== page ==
So how do you avoid burning out? One important step is to first recognize that you are psychologically distressed and then work towards taking steps to improve your well-being.
Psychological wellness refers to your ability to cope with stress, depression, anger, grief, and anxiety; to problem solve; and to communicate effectively with family, friends, and the rest of the health care team.
The following four resources may help you to put the focus back on you so that you can improve your psychological wellness as a caregiver:
Assess Your Level of Well-Being
Download the latest Caregiver Wellness Empowering U to prevent Burnout booklet which includes tips to help you assess your current level of distress and provides you with tools to enhance your psychological well-being while caring for your loved one.
Practice Stress Release
Print out Your Portable Guide to Stress Relief, a valuable resource published by Harvard Health Publications.
Included in the guide are quick tips for managing your stress in the workplace. The suggested activities can be performed during your scheduled work breaks or at other times when you are feeling stressed.
Listen to the pre-recorded Caregiver Wellness: Power of U web seminar designed to help family and professional caregivers manage stress associated with caring for a client or loved one. You will learn to use the “Caregiver Wellness: U Model.” This will help you to develop social, psychological, physical, intellectual, spiritual, occupational, and financial wellness and cultivate empowerment and resilience.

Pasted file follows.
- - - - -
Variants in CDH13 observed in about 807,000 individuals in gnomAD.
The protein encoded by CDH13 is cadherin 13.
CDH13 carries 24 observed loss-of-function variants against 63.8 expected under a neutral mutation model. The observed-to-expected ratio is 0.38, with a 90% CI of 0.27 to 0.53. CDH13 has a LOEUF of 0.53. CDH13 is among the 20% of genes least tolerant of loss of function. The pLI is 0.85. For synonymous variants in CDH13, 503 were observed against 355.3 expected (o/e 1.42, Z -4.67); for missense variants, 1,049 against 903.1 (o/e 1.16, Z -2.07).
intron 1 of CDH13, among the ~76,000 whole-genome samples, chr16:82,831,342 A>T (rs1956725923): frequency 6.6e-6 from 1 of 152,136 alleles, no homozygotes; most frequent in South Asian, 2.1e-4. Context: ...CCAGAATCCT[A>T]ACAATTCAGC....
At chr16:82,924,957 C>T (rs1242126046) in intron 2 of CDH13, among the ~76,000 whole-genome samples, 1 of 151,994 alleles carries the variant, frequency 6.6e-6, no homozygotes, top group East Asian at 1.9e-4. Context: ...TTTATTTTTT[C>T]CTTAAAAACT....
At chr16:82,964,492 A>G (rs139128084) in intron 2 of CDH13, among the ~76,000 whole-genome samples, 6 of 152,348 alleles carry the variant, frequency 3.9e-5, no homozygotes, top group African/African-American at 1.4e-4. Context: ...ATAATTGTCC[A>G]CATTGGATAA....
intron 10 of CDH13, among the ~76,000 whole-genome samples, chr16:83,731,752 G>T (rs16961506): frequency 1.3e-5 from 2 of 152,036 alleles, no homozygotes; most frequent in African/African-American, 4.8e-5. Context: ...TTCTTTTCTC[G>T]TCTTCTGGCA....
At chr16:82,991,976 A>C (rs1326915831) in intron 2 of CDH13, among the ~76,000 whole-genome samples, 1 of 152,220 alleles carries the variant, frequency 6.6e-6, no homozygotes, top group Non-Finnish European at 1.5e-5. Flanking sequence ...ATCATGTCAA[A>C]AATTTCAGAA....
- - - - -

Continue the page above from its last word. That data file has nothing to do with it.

Focus on Helping Not Rescuing
Create a Caregiver Action Plan so that you can focus on helping your loved one rather than rescuing.
One of the most important concepts you can grasp as a caregiver is the help rather than rescue. Helping means that you provide assistance that is needed yet you encourage your loved ones to do the things that they can do for themselves. From a caregiving perspective helping is a strategy for self-preservation.
For example, if your loved needs assistance with getting to doctor’s appointments, meal preparation, and companionship perhaps you arrange those services. Then you encourage your loved one to do what they can do for themselves and preserve your energy so that you are only performing pertinent tasks.
Don’t forget that psychological distress often leads to burnout.
Therefore, it is imperative that you care for yourself so that you can avoid the dark alley of distress. Remember that you cannot be everything to everyone else and nothing to yourself.
Are you a caregiver? How do you deal with stress? What do you do to prevent becoming psychologically distressed while caring for someone you love? Have you ever felt that you were on the verge of burning out? What strategies do you think are most effective when trying to avoid burning out? Please join the conversation.
Dr. Eboni Green is an author and educator who has a passion for training, supporting, advocating for and educating family and frontline caregivers. She and her husband cofounded Caregiver Support Services, a nonprofit organization that provides training and consulting for caregivers. Dr. Green is a published author and has written three books focusing on family caregiving. You can follow her on Facebook, YouTube and Twitter, or connect via LinkedIn.